JavaScript Interview Prep: “What is a Promise?”

What is a promise graphic

The most common answers I hear are along the lines of

It is a thenable

Or even worse

It’s a promise for something

But we can do much better than that. At its essence a promise is an object encapsulating function that has yet to complete execution. Objects typically adhere to a common interface and in the case of promises these objects have the method then (thus the term thenable). Promises were intended to clean up the callback mess you get in in continuation passing style. So here is a definition of Promise I plan on using the next time I am asked:

A promise is an object encapsualting a function, in any phase of execution, that implements the promise interface, exposing a method then. This method is used to provide the result of the encapsulated function when it is available to all points in your application that need it. Promises are intended to provide cleaner code than continuation passing style and offer a nice way to compose asynchronous functions.

Before generalizing promises I wanted to expand my understanding by writing a function to adapt a nodeback style function fs.readFile to one that returns a promise to the files contents. The goal is to convert this:

to something that looks like this:

The first step in recreating a naive implementation is defining the function (asPromise) that takes a nodeback style callback (traditionalNodeBack) and converts it to a function which returns the promise. The scaffolding is pretty simple:

The asPromise function is defined in curried style to first take a traditional nodeback (traditionalNodeBack) style function and return a function that will be all of the arguments necessary (args) to invoke that function minus the node style callback. We then need to return an object (a Promise object) that has the methods for collecting the callbacks for the then and catch functionality.

The trick is with the Promise object returning a recursive reference in the then and catch methods to allow for chaining those methods. The remainder of this naive implementation is invoking the intended function and triggering the promise methods. This can be accomplished by defining an internal node style callback and appending that to the list of arguments and invoking our intended function.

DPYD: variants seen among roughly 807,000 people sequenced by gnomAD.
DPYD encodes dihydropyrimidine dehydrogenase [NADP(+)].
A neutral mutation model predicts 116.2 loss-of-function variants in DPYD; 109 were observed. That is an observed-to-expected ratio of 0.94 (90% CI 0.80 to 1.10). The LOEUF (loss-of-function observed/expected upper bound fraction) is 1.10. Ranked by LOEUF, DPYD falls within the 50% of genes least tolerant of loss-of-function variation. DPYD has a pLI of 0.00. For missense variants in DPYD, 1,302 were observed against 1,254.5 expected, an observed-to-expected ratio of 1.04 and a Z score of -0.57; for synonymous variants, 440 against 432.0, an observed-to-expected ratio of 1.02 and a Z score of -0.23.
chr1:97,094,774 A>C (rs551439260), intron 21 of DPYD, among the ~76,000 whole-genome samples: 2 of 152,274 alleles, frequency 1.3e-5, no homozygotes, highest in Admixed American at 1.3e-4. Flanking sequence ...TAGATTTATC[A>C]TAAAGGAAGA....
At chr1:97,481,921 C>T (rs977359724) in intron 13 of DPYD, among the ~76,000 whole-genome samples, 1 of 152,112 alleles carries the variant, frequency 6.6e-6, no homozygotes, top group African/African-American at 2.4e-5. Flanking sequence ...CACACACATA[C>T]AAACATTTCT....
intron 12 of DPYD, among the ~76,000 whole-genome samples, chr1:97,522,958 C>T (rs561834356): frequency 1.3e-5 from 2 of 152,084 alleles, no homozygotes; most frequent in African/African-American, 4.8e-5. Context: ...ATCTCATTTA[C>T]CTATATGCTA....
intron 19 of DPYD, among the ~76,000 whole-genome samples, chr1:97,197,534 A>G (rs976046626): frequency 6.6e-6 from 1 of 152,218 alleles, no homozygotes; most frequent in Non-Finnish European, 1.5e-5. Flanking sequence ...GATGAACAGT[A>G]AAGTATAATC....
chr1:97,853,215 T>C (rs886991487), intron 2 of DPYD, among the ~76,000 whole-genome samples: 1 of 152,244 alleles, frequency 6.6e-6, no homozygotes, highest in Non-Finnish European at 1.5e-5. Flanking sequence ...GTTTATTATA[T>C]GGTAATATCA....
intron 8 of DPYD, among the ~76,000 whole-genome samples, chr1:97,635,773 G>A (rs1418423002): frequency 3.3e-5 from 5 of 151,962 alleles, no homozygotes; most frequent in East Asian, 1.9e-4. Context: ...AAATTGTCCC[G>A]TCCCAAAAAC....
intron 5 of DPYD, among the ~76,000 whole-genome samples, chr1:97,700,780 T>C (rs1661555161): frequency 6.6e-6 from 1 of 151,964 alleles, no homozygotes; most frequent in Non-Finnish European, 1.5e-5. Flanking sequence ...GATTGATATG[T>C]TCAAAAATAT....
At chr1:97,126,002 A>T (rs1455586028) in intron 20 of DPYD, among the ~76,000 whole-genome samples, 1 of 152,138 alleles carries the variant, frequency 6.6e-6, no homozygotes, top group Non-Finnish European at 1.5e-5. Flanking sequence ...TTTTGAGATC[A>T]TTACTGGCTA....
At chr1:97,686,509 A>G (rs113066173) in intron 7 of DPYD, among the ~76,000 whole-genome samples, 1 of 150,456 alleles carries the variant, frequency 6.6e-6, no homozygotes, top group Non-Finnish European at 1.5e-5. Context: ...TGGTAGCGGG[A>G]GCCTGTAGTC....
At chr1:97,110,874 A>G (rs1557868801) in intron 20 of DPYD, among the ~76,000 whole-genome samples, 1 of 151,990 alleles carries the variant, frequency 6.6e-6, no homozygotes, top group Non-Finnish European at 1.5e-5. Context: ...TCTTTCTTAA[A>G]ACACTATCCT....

There is some ES6 trickery with the call method and the use of the spread operator, but this could be replaced with pushing the resolveOrReject onto the args and leveraging apply instead.

This solution lacks robustness. It doesn’t support chaining of thens, promise for values or generalized deferrable functions. However promises come native in ES6 and prior to that there were already great solutions like Kris Kowal’s Q. The readme on that library is still a definitive source in understanding the implementation concerns of promises.

I haven’t sat as a candidate in a JavaScript interview for quite some time. However this question had surfaced on a number of occasions and we often dovetailed on how they might be implemented. For a detailed discussion of deferrables look at Mr Kowal’s readme. However the essential bits are

  1. Return an object to collect thens and catchers
  2. Invoke the function/code in question
  3. When it resolves pass the results to the thens and catchers you collected

The details on single resolvability, encapsulating multiple forms of deferred code, chaining of thens (of results into promises themselves) are the finer details that matter less as part of a whiteboard exercise.

A 25 year software industry veteran with a passion for functional programming, architecture, mentoring / team development, xp/agile and doing the right thing.

A 25 year software industry veteran with a passion for functional programming, architecture, mentoring / team development, xp/agile and doing the right thing.